Open Data, Benchmarking, and the Power of Peer Comparison
Data is a powerful tool that can help managers improve health care delivery to the people they serve. During the two days I spent at the Global Digital Health Forum, big data was referenced and audience-first approaches were frequently discussed. Data visualizations were also mentioned as an effective way to deliver meaningful messages. And, they can be as simple as developing a pie chart or table.
“We talk about being user driven, we think about the customer experience, and we want to build good presentations of data. This could include a table; even the poorest people in Africa and Asia can get the idea of a table.” - Mark Cardwell, Senior Advisor at USAID’s Global Development Lab
Mark Cardwell, Senior Advisor at USAID’s Global Development Lab, echoed the distinction between openness and accessibility during a panel on data and trust.
He highlighted instances where open data was used to develop rankings, which then drove decision making and agenda setting. A ranking of donor organizations developed by Publish What You Fund was put together by a small team with minimal resources but gained the attention of major development stakeholders.
Get the most value from your data: start virtuous cycles of peer pressure
In the health and development landscape where few formal mechanisms for facilitating change exist, informal mechanisms can important alternatives. Peer comparison can be the basis for incentives that drive behavior change by showcasing high performers and providing motivation for others.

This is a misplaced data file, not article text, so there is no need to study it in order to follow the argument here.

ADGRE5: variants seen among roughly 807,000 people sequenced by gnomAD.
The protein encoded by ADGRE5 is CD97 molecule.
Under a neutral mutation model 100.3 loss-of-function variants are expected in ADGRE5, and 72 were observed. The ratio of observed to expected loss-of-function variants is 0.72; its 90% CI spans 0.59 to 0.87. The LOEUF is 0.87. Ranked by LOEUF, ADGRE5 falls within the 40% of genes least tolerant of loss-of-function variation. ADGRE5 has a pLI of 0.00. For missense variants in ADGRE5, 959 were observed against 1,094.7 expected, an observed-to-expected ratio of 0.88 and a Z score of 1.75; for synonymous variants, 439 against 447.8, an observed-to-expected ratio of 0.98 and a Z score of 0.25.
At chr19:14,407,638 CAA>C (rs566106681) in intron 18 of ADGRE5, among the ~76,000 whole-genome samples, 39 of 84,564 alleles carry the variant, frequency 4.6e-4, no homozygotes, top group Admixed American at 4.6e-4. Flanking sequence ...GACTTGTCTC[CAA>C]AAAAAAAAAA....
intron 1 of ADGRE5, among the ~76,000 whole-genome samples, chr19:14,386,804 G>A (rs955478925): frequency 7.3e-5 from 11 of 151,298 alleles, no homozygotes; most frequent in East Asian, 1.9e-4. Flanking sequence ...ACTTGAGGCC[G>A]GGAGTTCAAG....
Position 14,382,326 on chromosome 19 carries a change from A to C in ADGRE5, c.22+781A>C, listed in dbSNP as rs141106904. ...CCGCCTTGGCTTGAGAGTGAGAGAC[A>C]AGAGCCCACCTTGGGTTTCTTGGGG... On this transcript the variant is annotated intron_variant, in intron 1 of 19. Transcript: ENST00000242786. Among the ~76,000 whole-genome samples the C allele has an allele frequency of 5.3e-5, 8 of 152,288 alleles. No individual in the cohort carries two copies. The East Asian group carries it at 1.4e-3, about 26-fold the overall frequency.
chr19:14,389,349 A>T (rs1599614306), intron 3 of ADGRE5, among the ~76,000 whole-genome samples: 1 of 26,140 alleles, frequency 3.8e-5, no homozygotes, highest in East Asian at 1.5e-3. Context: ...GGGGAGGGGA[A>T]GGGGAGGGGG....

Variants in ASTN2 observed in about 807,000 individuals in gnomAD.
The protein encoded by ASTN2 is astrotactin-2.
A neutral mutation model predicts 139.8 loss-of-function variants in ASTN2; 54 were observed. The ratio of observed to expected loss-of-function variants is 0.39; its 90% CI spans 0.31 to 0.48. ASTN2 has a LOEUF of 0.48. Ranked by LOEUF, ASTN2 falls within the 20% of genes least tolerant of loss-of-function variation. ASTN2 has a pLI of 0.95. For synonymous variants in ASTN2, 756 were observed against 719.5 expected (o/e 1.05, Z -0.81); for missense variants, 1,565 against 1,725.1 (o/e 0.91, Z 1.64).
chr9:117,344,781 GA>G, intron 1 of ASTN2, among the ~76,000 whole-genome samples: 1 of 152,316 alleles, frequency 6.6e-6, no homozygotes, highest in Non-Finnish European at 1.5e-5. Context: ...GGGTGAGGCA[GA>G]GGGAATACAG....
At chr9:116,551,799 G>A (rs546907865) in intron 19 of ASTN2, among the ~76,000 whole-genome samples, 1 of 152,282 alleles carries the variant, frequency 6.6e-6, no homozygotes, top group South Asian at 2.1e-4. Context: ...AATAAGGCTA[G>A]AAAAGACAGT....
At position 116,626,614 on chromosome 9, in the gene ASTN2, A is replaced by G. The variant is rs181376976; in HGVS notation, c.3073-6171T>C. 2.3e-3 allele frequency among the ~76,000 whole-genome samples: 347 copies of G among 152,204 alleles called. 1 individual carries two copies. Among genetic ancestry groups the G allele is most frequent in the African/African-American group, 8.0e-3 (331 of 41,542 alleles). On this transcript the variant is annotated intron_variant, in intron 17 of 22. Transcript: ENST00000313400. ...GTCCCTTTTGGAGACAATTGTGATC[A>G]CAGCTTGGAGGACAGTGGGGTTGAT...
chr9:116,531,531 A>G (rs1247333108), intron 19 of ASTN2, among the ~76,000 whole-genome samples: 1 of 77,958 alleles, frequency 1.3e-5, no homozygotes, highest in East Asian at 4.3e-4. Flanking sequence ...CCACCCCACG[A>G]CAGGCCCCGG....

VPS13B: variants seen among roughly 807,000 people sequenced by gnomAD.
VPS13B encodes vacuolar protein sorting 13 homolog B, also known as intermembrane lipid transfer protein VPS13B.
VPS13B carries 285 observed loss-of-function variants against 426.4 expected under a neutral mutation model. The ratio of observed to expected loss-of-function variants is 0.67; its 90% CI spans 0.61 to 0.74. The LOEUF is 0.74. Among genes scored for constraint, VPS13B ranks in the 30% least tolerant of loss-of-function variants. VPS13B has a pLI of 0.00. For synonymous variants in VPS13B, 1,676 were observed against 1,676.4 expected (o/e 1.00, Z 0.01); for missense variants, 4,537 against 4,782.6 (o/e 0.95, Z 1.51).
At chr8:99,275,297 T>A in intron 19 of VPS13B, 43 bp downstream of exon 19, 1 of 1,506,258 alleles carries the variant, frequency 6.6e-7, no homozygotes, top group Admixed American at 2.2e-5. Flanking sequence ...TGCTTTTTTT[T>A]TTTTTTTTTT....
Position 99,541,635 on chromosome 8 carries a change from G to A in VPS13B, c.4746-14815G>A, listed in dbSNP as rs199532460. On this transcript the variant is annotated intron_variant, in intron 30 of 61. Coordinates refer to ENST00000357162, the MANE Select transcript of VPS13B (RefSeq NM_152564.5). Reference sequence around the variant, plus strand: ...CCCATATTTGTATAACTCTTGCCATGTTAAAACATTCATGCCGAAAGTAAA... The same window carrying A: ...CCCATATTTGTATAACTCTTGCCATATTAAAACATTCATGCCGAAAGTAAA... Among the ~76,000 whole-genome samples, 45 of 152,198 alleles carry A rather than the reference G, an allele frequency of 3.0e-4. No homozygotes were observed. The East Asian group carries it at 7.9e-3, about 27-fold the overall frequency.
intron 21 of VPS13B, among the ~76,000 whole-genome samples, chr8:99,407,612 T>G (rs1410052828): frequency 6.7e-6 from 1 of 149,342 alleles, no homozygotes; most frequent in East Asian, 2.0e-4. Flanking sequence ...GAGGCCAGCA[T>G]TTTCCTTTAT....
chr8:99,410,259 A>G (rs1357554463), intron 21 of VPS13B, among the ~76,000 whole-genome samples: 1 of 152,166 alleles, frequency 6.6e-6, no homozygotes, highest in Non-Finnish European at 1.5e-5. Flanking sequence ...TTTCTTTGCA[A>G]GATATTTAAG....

Cardwell said the clients of another panelist, Melissa Sabatier from Blue Square, who works with district and clinic level staff in low and middle income countries, can also benefit from benchmarking. He suggested that district managers and frontline health workers are in a better position to use data compared to journalists and citizen watchdogs.
As a former journalist himself, he suggested staff delivering services are much more numerous and have a deeper stake in knowing how they are doing compared to their peers. Incentives originating from comparison data can include career opportunities such as promotions and education. Rankings can show where things are working well but they can also identify where improvement is needed. In these instances, poor performance may draw vital attention to imbalances in resource allocation.
The discussion about benchmarking reflected efforts at the 2015 East Africa Community’s (EAC) Health and Scientific Conference to track progress on a variety of country level indicators relating to reproductive, maternal, neonatal, and child health. The scorecard included rankings of the five EAC member states compared to each other as well as against predetermined goals.
Benchmarking as introduction to data literacy
Cardwell suggested that open data proponents often misplace their emphasis on comprehensive data literacy. While comprehensive data literacy is important, understanding a ranking doesn’t require much training, he says.
Starting with rankings and discussing standards is a good way to show the value of data and can lead to additional use. After all, everyone wants to climb a ladder. Even in high-income countries such as Canada, recently ranked the 9th best country to live in, rankings can create headlines, foster a sense of pride, and influence goals.
Once people are exposed to the power of data and seek more information, there is no shortage of resources to choose from. USAID and the Global Development Lab continue to help lead the way in contextualizing data approaches and needs for the development community.
Demystifying data and helping people conduct data analysis is the focus of four free Global Health eLearning Center courses:
- Data Quality
- Data Use for Program Managers
- Data Visualization – An Introduction
- Demographic and Health Surveys: Data Use
If you’ve used taken these courses or know of other great resources, let me know in the comment box below.